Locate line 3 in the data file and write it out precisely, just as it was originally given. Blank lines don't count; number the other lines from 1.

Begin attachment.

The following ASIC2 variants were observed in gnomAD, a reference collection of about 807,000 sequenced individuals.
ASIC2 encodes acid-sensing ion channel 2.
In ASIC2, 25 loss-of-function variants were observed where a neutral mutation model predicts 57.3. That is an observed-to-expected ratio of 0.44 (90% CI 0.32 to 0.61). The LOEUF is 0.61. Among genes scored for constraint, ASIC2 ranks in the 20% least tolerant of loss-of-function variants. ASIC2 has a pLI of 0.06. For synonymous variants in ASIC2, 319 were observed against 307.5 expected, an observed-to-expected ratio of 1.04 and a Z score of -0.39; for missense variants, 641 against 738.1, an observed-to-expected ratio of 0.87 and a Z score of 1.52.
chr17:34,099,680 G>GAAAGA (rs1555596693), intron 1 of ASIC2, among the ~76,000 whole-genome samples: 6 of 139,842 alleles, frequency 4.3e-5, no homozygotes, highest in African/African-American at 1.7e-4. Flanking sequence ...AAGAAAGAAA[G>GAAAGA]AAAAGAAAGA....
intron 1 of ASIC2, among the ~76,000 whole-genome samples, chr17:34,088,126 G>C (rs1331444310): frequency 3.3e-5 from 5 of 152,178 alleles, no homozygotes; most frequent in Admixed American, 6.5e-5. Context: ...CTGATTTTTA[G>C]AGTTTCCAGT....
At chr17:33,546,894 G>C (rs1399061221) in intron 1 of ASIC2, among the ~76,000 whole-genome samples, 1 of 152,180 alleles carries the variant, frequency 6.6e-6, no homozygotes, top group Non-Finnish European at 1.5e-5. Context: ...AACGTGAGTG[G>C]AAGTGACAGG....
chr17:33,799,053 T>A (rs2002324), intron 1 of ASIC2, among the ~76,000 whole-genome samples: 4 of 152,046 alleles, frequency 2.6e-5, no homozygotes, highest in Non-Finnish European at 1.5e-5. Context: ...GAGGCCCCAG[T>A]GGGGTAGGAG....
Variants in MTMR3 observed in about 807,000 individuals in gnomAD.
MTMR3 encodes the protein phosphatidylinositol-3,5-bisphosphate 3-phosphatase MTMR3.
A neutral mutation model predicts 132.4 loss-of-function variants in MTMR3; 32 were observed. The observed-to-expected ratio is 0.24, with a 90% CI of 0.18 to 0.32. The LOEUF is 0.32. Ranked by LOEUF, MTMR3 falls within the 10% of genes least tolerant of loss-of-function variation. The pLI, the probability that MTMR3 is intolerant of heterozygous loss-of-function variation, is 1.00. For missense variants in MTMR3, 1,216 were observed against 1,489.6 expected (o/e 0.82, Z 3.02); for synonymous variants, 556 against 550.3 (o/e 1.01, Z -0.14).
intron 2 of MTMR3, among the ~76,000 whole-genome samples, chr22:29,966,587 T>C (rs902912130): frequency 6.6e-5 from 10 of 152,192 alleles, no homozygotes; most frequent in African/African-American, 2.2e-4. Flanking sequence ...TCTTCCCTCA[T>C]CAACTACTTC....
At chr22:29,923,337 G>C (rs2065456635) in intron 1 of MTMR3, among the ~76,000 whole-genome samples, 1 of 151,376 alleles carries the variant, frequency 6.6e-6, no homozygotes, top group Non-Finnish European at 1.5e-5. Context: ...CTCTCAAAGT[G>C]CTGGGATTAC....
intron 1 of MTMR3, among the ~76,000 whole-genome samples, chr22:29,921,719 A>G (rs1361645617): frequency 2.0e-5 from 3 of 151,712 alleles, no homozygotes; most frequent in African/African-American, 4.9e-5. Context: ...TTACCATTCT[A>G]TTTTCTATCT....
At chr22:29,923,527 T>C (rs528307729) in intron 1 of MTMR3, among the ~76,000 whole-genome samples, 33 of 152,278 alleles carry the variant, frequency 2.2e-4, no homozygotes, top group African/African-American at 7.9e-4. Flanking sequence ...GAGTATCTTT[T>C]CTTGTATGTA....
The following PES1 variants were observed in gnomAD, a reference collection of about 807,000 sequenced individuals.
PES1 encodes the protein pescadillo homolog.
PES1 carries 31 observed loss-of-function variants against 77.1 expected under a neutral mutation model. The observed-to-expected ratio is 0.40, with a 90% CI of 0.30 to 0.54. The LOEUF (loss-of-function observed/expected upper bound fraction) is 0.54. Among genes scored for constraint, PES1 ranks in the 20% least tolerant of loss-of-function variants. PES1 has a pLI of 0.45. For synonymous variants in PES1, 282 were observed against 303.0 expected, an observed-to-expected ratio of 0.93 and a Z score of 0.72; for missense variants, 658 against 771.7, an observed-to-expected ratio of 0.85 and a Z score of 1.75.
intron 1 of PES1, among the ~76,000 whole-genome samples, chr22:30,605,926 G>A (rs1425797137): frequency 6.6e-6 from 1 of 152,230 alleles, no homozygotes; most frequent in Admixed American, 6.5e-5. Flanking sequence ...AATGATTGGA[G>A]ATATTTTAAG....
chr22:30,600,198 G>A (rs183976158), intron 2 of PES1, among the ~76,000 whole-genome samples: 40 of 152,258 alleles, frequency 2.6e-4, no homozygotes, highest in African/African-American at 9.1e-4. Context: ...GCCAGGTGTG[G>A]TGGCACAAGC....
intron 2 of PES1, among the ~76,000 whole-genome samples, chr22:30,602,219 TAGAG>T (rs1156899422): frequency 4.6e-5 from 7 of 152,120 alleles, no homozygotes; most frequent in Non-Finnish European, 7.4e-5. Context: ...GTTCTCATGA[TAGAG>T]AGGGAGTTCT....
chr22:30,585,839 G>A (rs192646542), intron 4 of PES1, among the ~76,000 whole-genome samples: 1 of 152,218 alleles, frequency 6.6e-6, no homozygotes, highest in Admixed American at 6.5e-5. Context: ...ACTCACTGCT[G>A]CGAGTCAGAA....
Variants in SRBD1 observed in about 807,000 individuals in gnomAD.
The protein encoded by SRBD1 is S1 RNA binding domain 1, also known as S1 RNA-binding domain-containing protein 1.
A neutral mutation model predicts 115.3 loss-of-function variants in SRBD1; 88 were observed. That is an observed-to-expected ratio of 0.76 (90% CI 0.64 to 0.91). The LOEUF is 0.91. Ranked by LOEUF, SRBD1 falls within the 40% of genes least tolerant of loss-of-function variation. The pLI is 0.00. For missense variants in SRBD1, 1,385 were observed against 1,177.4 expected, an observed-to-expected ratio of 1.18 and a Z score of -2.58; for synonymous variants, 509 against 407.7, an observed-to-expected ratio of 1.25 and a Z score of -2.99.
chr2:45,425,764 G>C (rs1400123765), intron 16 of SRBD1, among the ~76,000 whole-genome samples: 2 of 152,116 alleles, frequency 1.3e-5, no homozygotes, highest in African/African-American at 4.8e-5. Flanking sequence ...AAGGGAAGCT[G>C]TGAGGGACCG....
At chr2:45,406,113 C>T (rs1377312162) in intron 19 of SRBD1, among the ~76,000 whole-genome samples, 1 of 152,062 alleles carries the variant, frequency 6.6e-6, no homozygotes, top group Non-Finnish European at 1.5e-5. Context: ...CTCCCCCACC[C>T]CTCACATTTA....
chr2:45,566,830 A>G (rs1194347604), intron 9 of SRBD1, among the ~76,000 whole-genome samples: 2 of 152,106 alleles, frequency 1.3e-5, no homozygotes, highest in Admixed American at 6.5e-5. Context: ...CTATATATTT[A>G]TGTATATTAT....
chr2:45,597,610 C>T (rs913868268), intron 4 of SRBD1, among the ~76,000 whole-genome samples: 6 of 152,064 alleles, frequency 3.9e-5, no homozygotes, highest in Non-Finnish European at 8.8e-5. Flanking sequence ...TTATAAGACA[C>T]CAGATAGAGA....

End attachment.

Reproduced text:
In ASIC2, 25 loss-of-function variants were observed where a neutral mutation model predicts 57.3. That is an observed-to-expected ratio of 0.44 (90% CI 0.32 to 0.61). The LOEUF is 0.61. Among genes scored for constraint, ASIC2 ranks in the 20% least tolerant of loss-of-function variants. ASIC2 has a pLI of 0.06. For synonymous variants in ASIC2, 319 were observed against 307.5 expected, an observed-to-expected ratio of 1.04 and a Z score of -0.39; for missense variants, 641 against 738.1, an observed-to-expected ratio of 0.87 and a Z score of 1.52.